The simple, unpleasant truth is that we are probably busier than we ever have been. Notwithstanding the fact that little science backs up this notion, the anecdotal evidence is overwhelming.
"You can see it all around us," says Jana Jasper, a New York-based productivity expert and author of Take Back Your Time. "People talk too fast. We're always in a rush. We start things and don't finish them and are constantly nagged by the idea that we've forgotten to do something, but we're not sure what it is."
That people awash in labor- and time-saving devices, from robotic vacuum cleaners to microwave ovens to computers, would feel so harried so often seems counterintuitive. But what technology gives, it also takes away.
"As we have increased the numbers of time-saving devices and products to make our lives easier we have found ways to fill the time," says Tracy Lyn Moland a time management consultant and author of Mom Management, Managing Mom Before Everybody Else. And a chronic lack of time leads to stress.
But the time-management experts we spoke to all say that it is possible to reduce stress. Think about it as adding an extra hour to your day through time-management techniques.
Something as simple as "knowing where your keys are in the morning, knowing where your kid's library book or homework is, will reduce a lot of stress," says Moland. She has a number of time management tips.
Make a Time Diary
Take a week and plot out what you do every day. Be honest. If you watch 25 hours of TV each week, write it down.
"This is a painful awakening for most people," says Jana Jasper. "You have to include everything --- gym time, eating, driving, weekly meetings, all of it. It can be upsetting to see how little unstructured time we allow ourselves. But it's difficult to make intelligent decisions about using your time more effectively if you don't know what you're doing with your time now."
Learn to Say "No"
Turn off your cell phone and beeper. When someone asks you to do something that you really don't have time to do, say so, politely, but firmly. And don't allow yourself to feel guilty.
"One reason we are feeling so busy all the time is that we are worse at setting personal boundaries around what we'll say 'no' to," says Jana Kemp, founder and president of Meeting & Management Essentials, a time-management consultancy in Boise, Idaho.
Part of declining to do things, is focusing on your goals, Kemp explains. Your time diary can help in this regard. Once you've blocked time for important, but often not scheduled activities, sign on for only those things that are important, family, friends and health. Once you know exactly what you have time to do, turning down things that don't fit into your priorities is easier.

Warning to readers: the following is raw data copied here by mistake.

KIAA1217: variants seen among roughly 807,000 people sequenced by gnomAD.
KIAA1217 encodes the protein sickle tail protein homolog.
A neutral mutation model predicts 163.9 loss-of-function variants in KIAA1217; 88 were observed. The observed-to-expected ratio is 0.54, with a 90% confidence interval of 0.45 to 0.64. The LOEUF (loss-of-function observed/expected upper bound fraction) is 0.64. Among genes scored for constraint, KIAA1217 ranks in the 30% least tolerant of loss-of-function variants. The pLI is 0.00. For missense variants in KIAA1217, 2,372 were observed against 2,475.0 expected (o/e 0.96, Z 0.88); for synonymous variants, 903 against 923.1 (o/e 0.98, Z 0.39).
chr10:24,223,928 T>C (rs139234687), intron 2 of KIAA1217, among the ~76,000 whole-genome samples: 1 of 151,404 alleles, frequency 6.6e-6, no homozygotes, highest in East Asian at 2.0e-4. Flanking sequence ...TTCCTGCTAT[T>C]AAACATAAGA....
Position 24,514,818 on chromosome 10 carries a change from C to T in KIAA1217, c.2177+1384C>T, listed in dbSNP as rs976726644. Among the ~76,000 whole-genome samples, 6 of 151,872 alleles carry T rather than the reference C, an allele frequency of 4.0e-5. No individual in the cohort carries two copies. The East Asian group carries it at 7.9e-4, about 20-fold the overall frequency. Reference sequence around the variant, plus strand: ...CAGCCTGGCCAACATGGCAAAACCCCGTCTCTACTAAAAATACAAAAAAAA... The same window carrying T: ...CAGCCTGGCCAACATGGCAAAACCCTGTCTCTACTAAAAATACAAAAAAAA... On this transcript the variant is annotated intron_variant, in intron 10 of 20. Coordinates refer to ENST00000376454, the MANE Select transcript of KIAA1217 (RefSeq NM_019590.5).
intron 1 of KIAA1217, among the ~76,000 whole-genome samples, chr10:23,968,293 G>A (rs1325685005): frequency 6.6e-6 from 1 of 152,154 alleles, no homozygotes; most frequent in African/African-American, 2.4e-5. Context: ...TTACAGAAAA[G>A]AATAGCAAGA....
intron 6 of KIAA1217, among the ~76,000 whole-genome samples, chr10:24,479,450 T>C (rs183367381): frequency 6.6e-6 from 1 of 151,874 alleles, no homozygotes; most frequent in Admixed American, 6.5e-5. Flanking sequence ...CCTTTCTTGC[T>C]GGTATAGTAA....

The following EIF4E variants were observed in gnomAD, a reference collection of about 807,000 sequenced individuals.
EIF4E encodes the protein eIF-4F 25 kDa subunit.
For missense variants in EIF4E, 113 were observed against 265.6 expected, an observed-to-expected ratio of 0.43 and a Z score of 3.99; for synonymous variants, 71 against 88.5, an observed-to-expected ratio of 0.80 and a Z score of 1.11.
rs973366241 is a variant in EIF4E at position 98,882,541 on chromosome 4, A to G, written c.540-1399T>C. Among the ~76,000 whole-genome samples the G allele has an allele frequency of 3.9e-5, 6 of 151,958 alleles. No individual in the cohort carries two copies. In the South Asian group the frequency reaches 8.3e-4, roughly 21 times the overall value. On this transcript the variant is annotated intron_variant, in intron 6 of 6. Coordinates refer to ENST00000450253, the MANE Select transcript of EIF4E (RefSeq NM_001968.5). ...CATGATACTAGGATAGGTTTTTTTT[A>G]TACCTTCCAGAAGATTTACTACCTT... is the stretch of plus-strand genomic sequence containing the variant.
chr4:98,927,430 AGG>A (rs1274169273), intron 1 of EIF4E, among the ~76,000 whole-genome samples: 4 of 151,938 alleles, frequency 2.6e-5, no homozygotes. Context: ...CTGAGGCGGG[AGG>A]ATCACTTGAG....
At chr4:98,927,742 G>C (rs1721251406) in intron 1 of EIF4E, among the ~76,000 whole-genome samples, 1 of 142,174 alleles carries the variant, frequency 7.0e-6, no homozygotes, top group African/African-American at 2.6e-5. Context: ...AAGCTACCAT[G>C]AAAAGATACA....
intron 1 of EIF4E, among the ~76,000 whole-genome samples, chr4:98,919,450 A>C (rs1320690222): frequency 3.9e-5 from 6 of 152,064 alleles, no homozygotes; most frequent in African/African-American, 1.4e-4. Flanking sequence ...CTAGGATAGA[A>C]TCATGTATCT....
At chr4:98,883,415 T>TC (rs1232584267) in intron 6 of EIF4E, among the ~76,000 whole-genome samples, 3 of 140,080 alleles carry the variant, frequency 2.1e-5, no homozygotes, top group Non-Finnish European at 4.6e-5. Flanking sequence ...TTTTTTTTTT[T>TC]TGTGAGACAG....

Time-Based, To-Do List
"Create a to-do list that includes how much time you'll spend on each item on the list," says Moland. Lists are always helpful, but when you add how much time each task should take, it helps prioritize how you go about the tasks. When you prioritize tasks you naturally focus on those that you can do immediately.
Let Your Computer Help
Technology helped get you into the time bind in the first place, so use it to help get you out. Try some of the many personal scheduling software programs that allow you to keep a calendar, "to-do' lists, and phone and address books on your computer.
"It's not enough to be efficient anymore," said Jasper. "The goal here is to use the technology to get rid of all the paper in your life. I can't stress enough how important this is."
Much of organizing, these experts say, comes from streamlining your life. The more clutter you have in your life -- phone numbers on slips of paper, business cards in notebooks, a desk piled high with calendars and lists -- the more likely you are to waste time trying to stay organized and on top of things,
Is there a more overused buzzword today? We all combine several activities into one all the time. Some multitasking is dangerous. Talk on the phone while driving and your chances of being involved in a traffic accident rise dramatically. That being said, lots of activities can be effectively and safely combined. Listen to books on tape while commuting. When you watch television, pay your bills.
"Women are better able to multitask than men," said Moland. "Even if both partners work full time, the woman usually is able to still think about the children's schedule, the home, the meals. Men are better able to focus in on one task at a time -- and women can learn from this at times."
Don't Be a Perfectionist
There's nothing wrong with being ordinary. Perfectionism, otherwise known as paying excessive attention to every detail, important or not, is a kind of procrastination.
"Set rational goals for yourself," says Jasper. "It's a fine thing to strive to be your best. It's counter productive to try to be the very best."
Setting unattainable expectations of yourself just adds stress to your life, Kemp explains.
Finally, don't let any progress, however small, go unrewarded.
"Use your time diary to make decisions about how you want to organize your time better," said Jasper. "As you make progress in prioritizing and saying 'no,' let yourself enjoy that. It doesn't have to be a big reward, maybe it can be as simple as spending some time by yourself or getting a massage. It's important to acknowledge and enjoy your success."
John Casey is a freelance lifestyle, health, and science writer in New York City.